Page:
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Clinical and Practical Psychopharmacology

Practical Psychopharmacology: Using a Knowledge of Pharmacokinetics to More Rapidly Stabilize Patients at Lower Drug Doses

Chittaranjan Andrade, MD

Published: November 30, 2022


Three drug dosing strategies can be employed to address dose-dependent drug adverse effects. The usual strategy is to continue the drug but at a lower dose; it would then take 5 half-lives of the drug for the new steady state to be attained and for a dose-dependent adverse effect to correspondingly attenuate. Such slow offset of the adverse effect could be disadvantageous for drugs such as fluoxetine, penfluridol, and cariprazine that have long half-lives. A second strategy is to stop the drug and to resume it at a lower dose when the adverse effect attenuates as the drug blood level falls. This strategy introduces subjectivity in timing the reintroduction of the drug, requires closer patient monitoring, and risks nonadherence and relapse. The third strategy is to stop the drug for a prespecified number of days and to then reintroduce it at a lower dose. From a knowledge of pharmacokinetics, it can be shown that stopping a drug for just 1 half-life and then resuming it at half the dose results in the immediate achievement of steady state; that is, there is no need to wait for 4 additional half-lives as with the usual strategy of dose reduction without dosing interruption. A limitation of this pharmacokinetically driven dosing strategy, however, is that it would work well in the average patient but not in those with outlying pharmacokinetic parameters.

J Clin Psychiatry 2022;83(6):22f14722

To cite: Andrade C. Practical psychopharmacology: using a knowledge of pharmacokinetics to more rapidly stabilize patients at lower drug doses. J Clin Psychiatry. 2022;83(6):22f14722.
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As competent clinicians, we need to know much about the clinical pharmacology of the drugs that we prescribe. We need to know about their safety and efficacy in different doses as well as about their safety and efficacy in special populations such as the young and old, and those with neurologic, hepatic, renal, and other medical comorbidities. Competent prescribing also requires a knowledge about clinical pharmacokinetics, such as about factors that influence drug absorption, metabolism, and excretion. Two previous articles in this column examined half-life as a special aspect of clinical pharmacokinetics. The first1 explained basic concepts with the help of clinically relevant examples. The second2 discussed psychotropic drugs with long half-lives and clinical issues related thereto. The present article discusses a special situation: use of knowledge about the half-life of a drug to more rapidly stabilize drug levels at a lower dose.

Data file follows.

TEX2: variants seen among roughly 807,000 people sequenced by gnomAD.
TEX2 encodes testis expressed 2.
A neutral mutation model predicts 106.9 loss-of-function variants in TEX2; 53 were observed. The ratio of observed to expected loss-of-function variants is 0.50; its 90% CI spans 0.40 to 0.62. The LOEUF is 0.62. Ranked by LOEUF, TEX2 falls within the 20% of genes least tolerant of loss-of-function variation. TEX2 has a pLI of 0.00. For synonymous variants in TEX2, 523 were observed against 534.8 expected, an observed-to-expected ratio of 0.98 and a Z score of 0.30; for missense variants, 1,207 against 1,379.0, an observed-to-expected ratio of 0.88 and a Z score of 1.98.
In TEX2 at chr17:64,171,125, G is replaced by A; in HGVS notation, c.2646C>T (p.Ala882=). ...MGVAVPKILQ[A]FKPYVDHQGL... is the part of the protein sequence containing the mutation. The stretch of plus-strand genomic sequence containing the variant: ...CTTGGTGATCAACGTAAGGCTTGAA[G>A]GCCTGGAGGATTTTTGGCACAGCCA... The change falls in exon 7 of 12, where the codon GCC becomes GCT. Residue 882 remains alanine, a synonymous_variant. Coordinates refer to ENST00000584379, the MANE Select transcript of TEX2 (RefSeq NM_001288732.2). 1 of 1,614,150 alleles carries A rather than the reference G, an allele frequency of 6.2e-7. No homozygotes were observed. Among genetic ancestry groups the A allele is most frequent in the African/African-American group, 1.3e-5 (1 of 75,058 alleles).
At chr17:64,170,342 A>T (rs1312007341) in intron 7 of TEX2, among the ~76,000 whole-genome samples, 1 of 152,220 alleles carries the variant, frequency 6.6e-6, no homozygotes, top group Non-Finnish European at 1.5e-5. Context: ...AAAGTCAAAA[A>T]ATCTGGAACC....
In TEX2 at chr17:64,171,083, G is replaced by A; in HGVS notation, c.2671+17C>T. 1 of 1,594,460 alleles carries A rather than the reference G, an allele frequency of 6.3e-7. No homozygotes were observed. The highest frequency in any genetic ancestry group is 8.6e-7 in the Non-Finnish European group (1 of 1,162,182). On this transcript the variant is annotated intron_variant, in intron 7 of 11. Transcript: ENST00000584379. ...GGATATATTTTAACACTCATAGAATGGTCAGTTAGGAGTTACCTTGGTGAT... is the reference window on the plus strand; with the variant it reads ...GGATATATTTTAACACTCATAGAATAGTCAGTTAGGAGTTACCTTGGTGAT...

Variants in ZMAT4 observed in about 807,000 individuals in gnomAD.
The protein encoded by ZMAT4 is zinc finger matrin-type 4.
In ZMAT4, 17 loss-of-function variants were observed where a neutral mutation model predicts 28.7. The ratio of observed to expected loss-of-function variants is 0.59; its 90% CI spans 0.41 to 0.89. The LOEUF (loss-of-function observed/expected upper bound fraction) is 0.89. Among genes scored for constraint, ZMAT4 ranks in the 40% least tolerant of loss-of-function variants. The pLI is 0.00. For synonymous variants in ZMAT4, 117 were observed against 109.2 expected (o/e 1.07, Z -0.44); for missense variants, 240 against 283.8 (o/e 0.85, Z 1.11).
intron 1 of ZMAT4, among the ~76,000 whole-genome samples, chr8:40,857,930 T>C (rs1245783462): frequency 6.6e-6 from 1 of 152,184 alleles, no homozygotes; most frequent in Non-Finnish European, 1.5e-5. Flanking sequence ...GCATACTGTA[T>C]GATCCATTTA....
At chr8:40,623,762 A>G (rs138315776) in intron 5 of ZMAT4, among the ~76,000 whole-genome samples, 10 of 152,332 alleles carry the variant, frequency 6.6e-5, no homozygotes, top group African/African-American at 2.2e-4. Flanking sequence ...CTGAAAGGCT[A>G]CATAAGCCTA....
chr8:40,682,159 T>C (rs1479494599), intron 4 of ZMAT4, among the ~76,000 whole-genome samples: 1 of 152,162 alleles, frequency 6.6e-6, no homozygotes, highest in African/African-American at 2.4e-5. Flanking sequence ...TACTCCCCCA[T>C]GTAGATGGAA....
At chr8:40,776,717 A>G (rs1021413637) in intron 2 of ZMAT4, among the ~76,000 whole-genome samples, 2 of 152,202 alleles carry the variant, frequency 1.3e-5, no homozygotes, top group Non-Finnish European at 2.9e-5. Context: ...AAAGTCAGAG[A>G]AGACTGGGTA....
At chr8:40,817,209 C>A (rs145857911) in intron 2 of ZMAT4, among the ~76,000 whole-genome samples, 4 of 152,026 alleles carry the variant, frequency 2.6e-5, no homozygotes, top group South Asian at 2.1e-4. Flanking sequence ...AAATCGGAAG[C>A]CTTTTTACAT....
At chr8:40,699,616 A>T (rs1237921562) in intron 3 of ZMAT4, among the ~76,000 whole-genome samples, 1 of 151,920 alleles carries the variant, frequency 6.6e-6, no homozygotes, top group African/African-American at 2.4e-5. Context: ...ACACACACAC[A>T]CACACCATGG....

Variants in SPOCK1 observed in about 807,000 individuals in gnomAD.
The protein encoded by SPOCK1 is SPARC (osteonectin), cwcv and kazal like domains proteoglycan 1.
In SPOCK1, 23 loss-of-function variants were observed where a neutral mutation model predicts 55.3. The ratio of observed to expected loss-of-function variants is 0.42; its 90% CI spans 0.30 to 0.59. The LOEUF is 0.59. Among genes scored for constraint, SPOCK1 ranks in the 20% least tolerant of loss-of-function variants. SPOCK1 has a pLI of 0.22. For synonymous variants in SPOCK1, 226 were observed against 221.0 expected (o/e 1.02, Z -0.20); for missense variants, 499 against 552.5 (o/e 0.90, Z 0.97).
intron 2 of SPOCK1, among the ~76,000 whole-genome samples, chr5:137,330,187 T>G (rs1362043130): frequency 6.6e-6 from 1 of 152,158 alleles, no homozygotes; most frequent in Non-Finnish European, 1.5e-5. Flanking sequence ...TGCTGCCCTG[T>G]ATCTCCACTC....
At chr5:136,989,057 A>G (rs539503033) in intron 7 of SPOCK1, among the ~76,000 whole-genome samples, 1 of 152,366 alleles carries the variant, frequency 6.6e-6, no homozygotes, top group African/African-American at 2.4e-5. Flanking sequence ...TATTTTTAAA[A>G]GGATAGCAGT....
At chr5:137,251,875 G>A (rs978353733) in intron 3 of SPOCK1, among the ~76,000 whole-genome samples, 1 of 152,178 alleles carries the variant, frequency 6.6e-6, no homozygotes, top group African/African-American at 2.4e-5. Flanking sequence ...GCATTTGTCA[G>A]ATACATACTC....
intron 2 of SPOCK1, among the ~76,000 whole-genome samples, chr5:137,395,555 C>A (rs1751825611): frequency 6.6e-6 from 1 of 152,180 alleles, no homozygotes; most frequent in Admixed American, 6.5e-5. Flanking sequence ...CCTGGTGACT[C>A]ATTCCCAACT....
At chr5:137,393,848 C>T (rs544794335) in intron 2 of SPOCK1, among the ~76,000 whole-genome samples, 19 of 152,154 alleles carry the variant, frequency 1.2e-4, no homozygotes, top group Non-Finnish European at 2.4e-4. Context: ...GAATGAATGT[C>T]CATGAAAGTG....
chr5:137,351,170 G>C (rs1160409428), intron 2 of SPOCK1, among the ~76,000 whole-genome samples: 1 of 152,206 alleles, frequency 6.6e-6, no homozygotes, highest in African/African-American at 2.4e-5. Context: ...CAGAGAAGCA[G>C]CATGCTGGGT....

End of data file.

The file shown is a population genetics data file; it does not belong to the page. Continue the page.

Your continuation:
Clinical Question

A patient with schizophrenia experiences mild to moderate akathisia with cariprazine at a dose of 6 mg/d. Because the clinical response to cariprazine has otherwise been good, a decision is made to persist with the drug but to reduce the dose to 3 mg/d, at which dose the akathisia is expected to diminish or disappear.3 What is the best way to quickly and efficiently stabilize the patient at the lower dose?

The Conventional Approach

The conventional approach that is almost universal is to reduce the dose of cariprazine from 6 mg/d to 3 mg/d and to then wait for the expected reduction in the akathisia. There is a problem with this strategy. Cariprazine is 3 drugs in 1: the parent drug cariprazine and its active metabolites desmethylcariprazine (DCAR) and didesmethylcariprazine (DDCAR). The half-life of cariprazine is 2–4 days. The half-lives of DCAR and DDCAR (which are pharmacologically equipotent to cariprazine) are 1–2 days and 1–3 weeks, respectively. The combined effects of the parent drug and its active metabolites take 4–8 weeks (> 12 weeks, in some patients) to reach steady state.4

We know that it takes 5 half-lives for a drug to reach steady state levels.1 This applies to all situations: starting a drug, raising the dose, changing the frequency of administration, lowering the dose, and stopping the drug. So, if we want to reduce the maintenance dose of a drug by half (6 mg/d to 3 mg/d), it will take 5 half-lives to reach the new steady state. Assuming that the effective time to steady state of the combined cariprazine, DCAR, and DDCAR effects is midway between 4 and 8 weeks (that is, 6 weeks) in the average patient, by reverse calculation we estimate that the half-life for the activity of cariprazine and its metabolites, combined, is one-fifth of 6 weeks, or approximately 8–9 days.

For convenience, let us assume that the half-life of the combined entities is 10 days; this could certainly be true for many patients. So, if we reduce the daily dose of cariprazine from 6 mg to 3 mg, it will take 5 half-lives, or 50 days, for the new steady state to be attained. That is a long time to wait if the patient has dose-related akathisia. Thus, the conventional approach to dose reduction is inefficient with drugs that have long half-lives.

A Stop-and-Resume Approach